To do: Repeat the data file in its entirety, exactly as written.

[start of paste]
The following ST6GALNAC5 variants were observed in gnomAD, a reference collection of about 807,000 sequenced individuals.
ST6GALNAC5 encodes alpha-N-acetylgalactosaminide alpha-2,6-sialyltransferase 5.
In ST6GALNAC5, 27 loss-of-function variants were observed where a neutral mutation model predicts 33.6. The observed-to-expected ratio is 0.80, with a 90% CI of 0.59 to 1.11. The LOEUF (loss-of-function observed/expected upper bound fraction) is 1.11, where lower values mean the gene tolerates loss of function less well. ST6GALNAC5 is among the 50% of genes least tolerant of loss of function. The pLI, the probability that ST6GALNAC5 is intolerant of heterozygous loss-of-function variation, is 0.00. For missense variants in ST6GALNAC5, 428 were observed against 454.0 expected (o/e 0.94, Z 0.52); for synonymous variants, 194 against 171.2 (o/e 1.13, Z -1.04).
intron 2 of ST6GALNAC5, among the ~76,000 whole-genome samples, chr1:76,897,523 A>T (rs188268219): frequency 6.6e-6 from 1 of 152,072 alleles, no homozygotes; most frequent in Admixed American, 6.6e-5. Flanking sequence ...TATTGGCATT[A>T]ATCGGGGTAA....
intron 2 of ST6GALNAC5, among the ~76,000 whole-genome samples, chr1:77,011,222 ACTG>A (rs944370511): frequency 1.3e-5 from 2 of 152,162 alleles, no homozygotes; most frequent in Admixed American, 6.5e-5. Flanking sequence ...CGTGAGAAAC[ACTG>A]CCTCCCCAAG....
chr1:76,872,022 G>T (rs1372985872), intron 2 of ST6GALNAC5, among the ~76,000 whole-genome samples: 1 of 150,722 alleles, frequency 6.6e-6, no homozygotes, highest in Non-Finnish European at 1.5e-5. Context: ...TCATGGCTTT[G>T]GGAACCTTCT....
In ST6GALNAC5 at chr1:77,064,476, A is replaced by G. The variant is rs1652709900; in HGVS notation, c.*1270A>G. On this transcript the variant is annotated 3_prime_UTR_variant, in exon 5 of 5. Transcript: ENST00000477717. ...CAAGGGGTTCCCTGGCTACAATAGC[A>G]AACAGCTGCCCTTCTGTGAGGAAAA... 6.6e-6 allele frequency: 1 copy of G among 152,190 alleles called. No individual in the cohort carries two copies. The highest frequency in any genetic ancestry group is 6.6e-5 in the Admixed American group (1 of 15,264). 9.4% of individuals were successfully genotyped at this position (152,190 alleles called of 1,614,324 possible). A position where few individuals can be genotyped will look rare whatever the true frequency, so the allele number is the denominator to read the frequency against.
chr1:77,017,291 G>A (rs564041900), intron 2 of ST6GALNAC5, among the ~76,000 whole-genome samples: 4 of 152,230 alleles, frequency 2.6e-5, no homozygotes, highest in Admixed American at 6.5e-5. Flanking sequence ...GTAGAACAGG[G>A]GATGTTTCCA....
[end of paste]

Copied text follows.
The following ST6GALNAC5 variants were observed in gnomAD, a reference collection of about 807,000 sequenced individuals.
ST6GALNAC5 encodes alpha-N-acetylgalactosaminide alpha-2,6-sialyltransferase 5.
In ST6GALNAC5, 27 loss-of-function variants were observed where a neutral mutation model predicts 33.6. The observed-to-expected ratio is 0.80, with a 90% CI of 0.59 to 1.11. The LOEUF (loss-of-function observed/expected upper bound fraction) is 1.11, where lower values mean the gene tolerates loss of function less well. ST6GALNAC5 is among the 50% of genes least tolerant of loss of function. The pLI, the probability that ST6GALNAC5 is intolerant of heterozygous loss-of-function variation, is 0.00. For missense variants in ST6GALNAC5, 428 were observed against 454.0 expected (o/e 0.94, Z 0.52); for synonymous variants, 194 against 171.2 (o/e 1.13, Z -1.04).
intron 2 of ST6GALNAC5, among the ~76,000 whole-genome samples, chr1:76,897,523 A>T (rs188268219): frequency 6.6e-6 from 1 of 152,072 alleles, no homozygotes; most frequent in Admixed American, 6.6e-5. Flanking sequence ...TATTGGCATT[A>T]ATCGGGGTAA....
intron 2 of ST6GALNAC5, among the ~76,000 whole-genome samples, chr1:77,011,222 ACTG>A (rs944370511): frequency 1.3e-5 from 2 of 152,162 alleles, no homozygotes; most frequent in Admixed American, 6.5e-5. Flanking sequence ...CGTGAGAAAC[ACTG>A]CCTCCCCAAG....
chr1:76,872,022 G>T (rs1372985872), intron 2 of ST6GALNAC5, among the ~76,000 whole-genome samples: 1 of 150,722 alleles, frequency 6.6e-6, no homozygotes, highest in Non-Finnish European at 1.5e-5. Context: ...TCATGGCTTT[G>T]GGAACCTTCT....
In ST6GALNAC5 at chr1:77,064,476, A is replaced by G. The variant is rs1652709900; in HGVS notation, c.*1270A>G. On this transcript the variant is annotated 3_prime_UTR_variant, in exon 5 of 5. Transcript: ENST00000477717. ...CAAGGGGTTCCCTGGCTACAATAGC[A>G]AACAGCTGCCCTTCTGTGAGGAAAA... 6.6e-6 allele frequency: 1 copy of G among 152,190 alleles called. No individual in the cohort carries two copies. The highest frequency in any genetic ancestry group is 6.6e-5 in the Admixed American group (1 of 15,264). 9.4% of individuals were successfully genotyped at this position (152,190 alleles called of 1,614,324 possible). A position where few individuals can be genotyped will look rare whatever the true frequency, so the allele number is the denominator to read the frequency against.
chr1:77,017,291 G>A (rs564041900), intron 2 of ST6GALNAC5, among the ~76,000 whole-genome samples: 4 of 152,230 alleles, frequency 2.6e-5, no homozygotes, highest in Admixed American at 6.5e-5. Flanking sequence ...GTAGAACAGG[G>A]GATGTTTCCA....